The Ghibli is the second Vemar helmet I’ve reviewed. The first, the Sharki modular, is a pretty good value modular for the money. The Ghibli is an inexpensive full-face helmet, with an MSRP of $139. That is a very appealing price, especially for new riders that are still getting their bearings. Upon arrival, the first question I asked was “is it as good of a value helmet as the Sharki? ”
To test the Ghibli, my wife Melissa wore it throughout the Summer, giving us a pretty good perspective on what the Ghibli is all about.
- DOT & ECE 22.05 certified
- Scratch-resistant visor
- Removable & washable interior liner
- Pinlock- ready
- Micro-ratchet strap
You can get the Ghibli in numerous colors, broken down into two designations: base, and warrior. The base colorways feature simpler graphics and have “VEMAR” boldly printed on each side. The warrior colorways look more, ehh, tactical by comparison.
The Ghibli I have here is the #G020 yellow base colorway.
Comfort, Fit, & Functions
Fit & Comfort
The Ghibli is a tight fit in the size medium (as shown here). There isn’t a lot of play, with noticeable snug points right on the crown of the head. According to Melissa, it isn’t uncomfortable, but it’s not as comfortable as other helmets she’s worn (such as the Bell RS-2).
The Ghibli comes in a single shell, so I imagine that larger sizes may also wear smaller than the chart would imply. I recommend a try-on.
One thing the Ghibli has going for it is its weight, which I measured at 3lbs flat and other reviews have pegged between 3 and 3.25lbs. Since I’m using a digital scale it’s important to note that it may not be objectively accurate. AKA: I measured 3lbs, but don’t hold me to that.
Measurement ambiguity aside, the lightish Ghibli is comfortable to wear for long stretches. This is due to the weight, yes, but also to its aerodynamic shape that slices through the air.
One drawback: there’s no integrated sun visor, making sunglasses your best option (unless you’ve got a tinted visor handy) for daytime riding. This makes an already-tight fit just that much tighter.
Visor & Visibility
The Ghibli has a wide but relatively narrow viewport. Visibility isn’t an issue as you can clearly see a large field of view, but it’s not as expansive as many modern full faces. You’ll see an outline of the interior in your vision, if only just.
The visor on the Ghibli has exactly four positions: closed, halfway open, three-quarters open, and completely open. There is no cracking the visor to let a bit of air in; if you’re opening the visor, it’s at least halfway.
The good news here is that it’s easy to open and close, with a bit of initial resistance in the movement that quickly gives way to a smooth opening. I also like the center placement of the finger holds on the visor; sometimes I get flubbed up on visors that have an asymmetrical layout.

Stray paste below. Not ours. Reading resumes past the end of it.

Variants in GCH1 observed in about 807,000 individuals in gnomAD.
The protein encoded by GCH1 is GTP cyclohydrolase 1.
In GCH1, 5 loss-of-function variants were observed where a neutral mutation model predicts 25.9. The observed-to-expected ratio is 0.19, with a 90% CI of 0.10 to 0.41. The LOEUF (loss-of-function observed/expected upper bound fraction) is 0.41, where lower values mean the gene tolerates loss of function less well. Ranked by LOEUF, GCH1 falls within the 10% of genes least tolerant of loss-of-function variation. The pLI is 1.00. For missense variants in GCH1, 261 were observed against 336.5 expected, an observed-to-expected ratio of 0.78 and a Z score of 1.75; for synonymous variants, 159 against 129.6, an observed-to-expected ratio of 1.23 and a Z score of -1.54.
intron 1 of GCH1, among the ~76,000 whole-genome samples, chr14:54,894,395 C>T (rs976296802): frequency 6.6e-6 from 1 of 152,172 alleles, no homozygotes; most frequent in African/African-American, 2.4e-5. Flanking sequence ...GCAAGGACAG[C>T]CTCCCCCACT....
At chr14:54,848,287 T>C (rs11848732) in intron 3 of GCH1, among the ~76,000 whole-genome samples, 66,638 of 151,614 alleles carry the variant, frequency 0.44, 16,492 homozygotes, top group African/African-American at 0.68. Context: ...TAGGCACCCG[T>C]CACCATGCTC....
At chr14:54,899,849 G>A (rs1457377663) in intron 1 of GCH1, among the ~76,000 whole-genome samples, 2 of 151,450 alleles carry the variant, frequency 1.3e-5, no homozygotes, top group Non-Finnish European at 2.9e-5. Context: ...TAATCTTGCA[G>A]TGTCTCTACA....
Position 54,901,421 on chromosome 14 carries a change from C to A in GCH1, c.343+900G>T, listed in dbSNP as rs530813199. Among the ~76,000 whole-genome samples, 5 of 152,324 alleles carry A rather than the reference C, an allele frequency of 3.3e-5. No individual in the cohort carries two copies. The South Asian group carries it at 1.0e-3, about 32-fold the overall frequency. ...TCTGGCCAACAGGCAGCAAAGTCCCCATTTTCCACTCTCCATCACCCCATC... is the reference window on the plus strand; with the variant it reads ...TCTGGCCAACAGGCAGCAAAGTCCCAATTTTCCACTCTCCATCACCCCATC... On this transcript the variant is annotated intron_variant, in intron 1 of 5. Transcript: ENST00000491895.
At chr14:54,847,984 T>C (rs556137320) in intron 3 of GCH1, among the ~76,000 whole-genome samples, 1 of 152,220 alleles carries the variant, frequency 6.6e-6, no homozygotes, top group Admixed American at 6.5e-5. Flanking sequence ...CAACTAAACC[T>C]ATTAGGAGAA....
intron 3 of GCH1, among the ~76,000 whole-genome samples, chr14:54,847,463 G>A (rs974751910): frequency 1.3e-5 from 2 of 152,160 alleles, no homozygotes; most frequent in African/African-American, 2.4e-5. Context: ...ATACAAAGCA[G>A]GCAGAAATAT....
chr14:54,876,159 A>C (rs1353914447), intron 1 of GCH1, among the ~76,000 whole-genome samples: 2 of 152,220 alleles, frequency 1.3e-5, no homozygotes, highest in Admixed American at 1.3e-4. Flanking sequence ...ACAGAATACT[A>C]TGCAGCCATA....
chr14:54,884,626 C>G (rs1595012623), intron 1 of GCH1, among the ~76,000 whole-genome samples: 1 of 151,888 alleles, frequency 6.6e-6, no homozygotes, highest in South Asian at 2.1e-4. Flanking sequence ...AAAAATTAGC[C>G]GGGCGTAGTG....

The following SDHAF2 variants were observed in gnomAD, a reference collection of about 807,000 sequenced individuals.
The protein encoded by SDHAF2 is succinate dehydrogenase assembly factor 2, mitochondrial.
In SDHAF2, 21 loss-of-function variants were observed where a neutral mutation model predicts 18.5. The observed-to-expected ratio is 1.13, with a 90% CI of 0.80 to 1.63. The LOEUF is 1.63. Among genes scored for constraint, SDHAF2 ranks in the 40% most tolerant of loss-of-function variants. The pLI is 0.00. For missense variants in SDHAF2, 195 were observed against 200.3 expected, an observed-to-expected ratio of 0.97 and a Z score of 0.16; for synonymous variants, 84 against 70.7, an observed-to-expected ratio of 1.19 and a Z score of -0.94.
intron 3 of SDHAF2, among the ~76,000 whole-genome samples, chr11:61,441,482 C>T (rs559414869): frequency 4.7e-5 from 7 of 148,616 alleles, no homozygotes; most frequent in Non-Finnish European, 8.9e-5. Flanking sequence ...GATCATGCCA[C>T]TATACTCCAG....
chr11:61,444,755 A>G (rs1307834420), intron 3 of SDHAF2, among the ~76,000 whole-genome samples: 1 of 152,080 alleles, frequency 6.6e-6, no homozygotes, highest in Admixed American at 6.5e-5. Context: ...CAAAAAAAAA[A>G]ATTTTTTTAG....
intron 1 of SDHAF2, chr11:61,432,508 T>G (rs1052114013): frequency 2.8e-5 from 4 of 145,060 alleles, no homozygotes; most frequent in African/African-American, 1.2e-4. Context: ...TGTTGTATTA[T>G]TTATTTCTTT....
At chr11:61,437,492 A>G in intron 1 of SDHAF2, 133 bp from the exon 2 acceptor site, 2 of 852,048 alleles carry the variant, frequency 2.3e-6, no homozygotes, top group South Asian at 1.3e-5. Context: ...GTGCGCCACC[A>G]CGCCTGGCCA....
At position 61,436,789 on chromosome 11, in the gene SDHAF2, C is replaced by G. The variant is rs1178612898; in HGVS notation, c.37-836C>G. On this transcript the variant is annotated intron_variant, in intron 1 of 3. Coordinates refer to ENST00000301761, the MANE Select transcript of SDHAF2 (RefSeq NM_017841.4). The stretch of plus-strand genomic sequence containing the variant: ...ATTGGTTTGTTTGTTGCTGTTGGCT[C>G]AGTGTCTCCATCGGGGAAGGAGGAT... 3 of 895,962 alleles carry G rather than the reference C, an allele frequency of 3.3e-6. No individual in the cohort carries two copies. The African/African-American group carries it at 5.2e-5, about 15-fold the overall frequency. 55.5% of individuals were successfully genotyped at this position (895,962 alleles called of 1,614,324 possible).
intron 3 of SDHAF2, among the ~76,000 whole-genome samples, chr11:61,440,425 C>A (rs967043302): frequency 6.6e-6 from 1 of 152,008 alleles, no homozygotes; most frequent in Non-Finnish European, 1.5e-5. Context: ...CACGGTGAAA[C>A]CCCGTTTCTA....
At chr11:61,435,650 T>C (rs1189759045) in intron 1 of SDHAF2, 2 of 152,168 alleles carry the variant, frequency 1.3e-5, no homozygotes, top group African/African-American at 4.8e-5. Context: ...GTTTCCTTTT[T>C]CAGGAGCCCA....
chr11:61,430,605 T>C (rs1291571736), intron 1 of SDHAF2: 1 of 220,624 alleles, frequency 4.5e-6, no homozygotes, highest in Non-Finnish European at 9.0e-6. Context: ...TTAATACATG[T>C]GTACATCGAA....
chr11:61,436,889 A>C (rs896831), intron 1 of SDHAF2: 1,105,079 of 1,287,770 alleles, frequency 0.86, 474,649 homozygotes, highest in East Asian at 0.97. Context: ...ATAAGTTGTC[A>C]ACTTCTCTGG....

The Ghibli can be equipped with a Pinlock insert for all your anti-fog needs, but it doesn’t come with one.
Melissa reports that the buckle is both easy to use and comfortable to wear. Operation of the ratchet-buckle is easy and smooth. It feels durable enough and I’m sure will last for many years.
Airflow in the Ghibli is fine. There are two adjustable vents on the top of the helmet and one on the chinbar. There are two rear exhaust ports that are always open.
The upper vents do their job and are easy enough to operate; I like that they use raised sliders that can be manipulated while wearing gloves.
What I don’t like is the placement of the chin vent switch on the inside edge of the chinbar, which requires reaching in past the chin curtain to use. This isn’t that big of a deal when you’re at a standstill, but it becomes downright dangerous to attempt while moving. Once open, the chin vent provides plenty of air. Just make sure you aren’t moving when you adjust it.
Them Ghibli is a loud helmet, especially if you’re coming from a mid-range model from HJC, Shoei, etc. It’s louder than any other helmet I’ve worn this year, including three other modulars (Neotec II, C4, and Sharki) and the Bell RS-2 full-face.
It’s not obscenely loud, but it’s loud. So much so that I wouldn’t bother with an intercom, personally- if you want in-helmet audio/communications, use headphones.
The Ghibli is a good looking helmet with an aggressive profile. I like the snub-nose design, which tapers sharply from the crown. From the side it looks downright aggressive.
If you get real close you’ll find a few imperfections in the application of the graphics. The Vemar logo on the rear is off-center compared to the rest of the helmet, for example, but it’s not noticeable until you start looking for it.
The plastic trim around the rear exhausts, however, is cheap… and obviously so. It pulls back easily and is only attached at either end. I wouldn’t play with it much as I’m not confident it’d stand up to any abuse.
The plastic trim feeling cheap is a big disappointment since it almost doesn’t even need to be there. I appreciate the aesthetic value it offers, but I’d have rather they found something else vs. include such a finicky piece to the exterior of the helmet.
While the Price is Right, the Ghibli Simply Doesn’t Match Up to Competing Helmets
I struggled with how I wanted to position this review. Make no mistake: where it counts, the Ghibli does its job. It’s safe to wear, amply padded, and lightweight.
But in a world filled with options and numerous other helmets vying for your dollars, it’s hard to recommend the Ghibli over other affordable helmets that simply do a better job. The Scorpion EXO R420, for example, is only $10 more and it’s an objectively superior helmet. So is the HJC CL-17, which is the same price at $139.
The Ghibli is a great $99 helmet, but a mediocre $140 one.